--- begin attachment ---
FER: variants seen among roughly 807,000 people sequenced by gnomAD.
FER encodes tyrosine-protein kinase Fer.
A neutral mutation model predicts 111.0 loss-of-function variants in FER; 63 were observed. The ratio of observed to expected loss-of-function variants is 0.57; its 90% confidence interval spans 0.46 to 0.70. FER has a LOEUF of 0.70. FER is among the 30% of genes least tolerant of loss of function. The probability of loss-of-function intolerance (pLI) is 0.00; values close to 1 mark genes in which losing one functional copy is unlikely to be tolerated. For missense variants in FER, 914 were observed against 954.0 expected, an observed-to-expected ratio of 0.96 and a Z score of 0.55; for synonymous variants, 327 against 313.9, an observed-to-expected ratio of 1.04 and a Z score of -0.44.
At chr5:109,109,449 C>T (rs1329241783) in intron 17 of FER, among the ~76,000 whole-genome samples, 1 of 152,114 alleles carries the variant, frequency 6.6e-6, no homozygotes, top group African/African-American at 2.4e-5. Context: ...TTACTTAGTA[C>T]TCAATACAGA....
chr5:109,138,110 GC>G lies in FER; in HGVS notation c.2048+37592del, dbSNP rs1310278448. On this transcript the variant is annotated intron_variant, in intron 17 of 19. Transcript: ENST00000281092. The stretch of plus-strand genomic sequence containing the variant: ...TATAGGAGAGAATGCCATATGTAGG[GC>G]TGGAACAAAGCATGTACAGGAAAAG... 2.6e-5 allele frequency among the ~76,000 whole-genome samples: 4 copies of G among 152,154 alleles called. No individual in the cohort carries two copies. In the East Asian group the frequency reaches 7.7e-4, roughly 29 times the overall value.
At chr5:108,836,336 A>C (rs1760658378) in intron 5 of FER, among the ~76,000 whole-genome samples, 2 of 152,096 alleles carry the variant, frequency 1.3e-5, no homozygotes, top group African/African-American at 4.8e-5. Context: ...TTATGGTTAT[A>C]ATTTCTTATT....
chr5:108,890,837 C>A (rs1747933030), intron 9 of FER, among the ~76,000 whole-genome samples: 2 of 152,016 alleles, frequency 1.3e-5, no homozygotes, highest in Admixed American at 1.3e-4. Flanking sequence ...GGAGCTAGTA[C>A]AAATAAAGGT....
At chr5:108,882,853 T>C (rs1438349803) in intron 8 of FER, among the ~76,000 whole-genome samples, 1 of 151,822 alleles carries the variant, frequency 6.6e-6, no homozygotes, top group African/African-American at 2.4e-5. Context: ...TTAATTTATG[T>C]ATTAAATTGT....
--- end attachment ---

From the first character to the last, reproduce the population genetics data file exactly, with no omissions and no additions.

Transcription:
FER: variants seen among roughly 807,000 people sequenced by gnomAD.
FER encodes tyrosine-protein kinase Fer.
A neutral mutation model predicts 111.0 loss-of-function variants in FER; 63 were observed. The ratio of observed to expected loss-of-function variants is 0.57; its 90% confidence interval spans 0.46 to 0.70. FER has a LOEUF of 0.70. FER is among the 30% of genes least tolerant of loss of function. The probability of loss-of-function intolerance (pLI) is 0.00; values close to 1 mark genes in which losing one functional copy is unlikely to be tolerated. For missense variants in FER, 914 were observed against 954.0 expected, an observed-to-expected ratio of 0.96 and a Z score of 0.55; for synonymous variants, 327 against 313.9, an observed-to-expected ratio of 1.04 and a Z score of -0.44.
At chr5:109,109,449 C>T (rs1329241783) in intron 17 of FER, among the ~76,000 whole-genome samples, 1 of 152,114 alleles carries the variant, frequency 6.6e-6, no homozygotes, top group African/African-American at 2.4e-5. Context: ...TTACTTAGTA[C>T]TCAATACAGA....
chr5:109,138,110 GC>G lies in FER; in HGVS notation c.2048+37592del, dbSNP rs1310278448. On this transcript the variant is annotated intron_variant, in intron 17 of 19. Transcript: ENST00000281092. The stretch of plus-strand genomic sequence containing the variant: ...TATAGGAGAGAATGCCATATGTAGG[GC>G]TGGAACAAAGCATGTACAGGAAAAG... 2.6e-5 allele frequency among the ~76,000 whole-genome samples: 4 copies of G among 152,154 alleles called. No individual in the cohort carries two copies. In the East Asian group the frequency reaches 7.7e-4, roughly 29 times the overall value.
At chr5:108,836,336 A>C (rs1760658378) in intron 5 of FER, among the ~76,000 whole-genome samples, 2 of 152,096 alleles carry the variant, frequency 1.3e-5, no homozygotes, top group African/African-American at 4.8e-5. Context: ...TTATGGTTAT[A>C]ATTTCTTATT....
chr5:108,890,837 C>A (rs1747933030), intron 9 of FER, among the ~76,000 whole-genome samples: 2 of 152,016 alleles, frequency 1.3e-5, no homozygotes, highest in Admixed American at 1.3e-4. Flanking sequence ...GGAGCTAGTA[C>A]AAATAAAGGT....
At chr5:108,882,853 T>C (rs1438349803) in intron 8 of FER, among the ~76,000 whole-genome samples, 1 of 151,822 alleles carries the variant, frequency 6.6e-6, no homozygotes, top group African/African-American at 2.4e-5. Context: ...TTAATTTATG[T>C]ATTAAATTGT....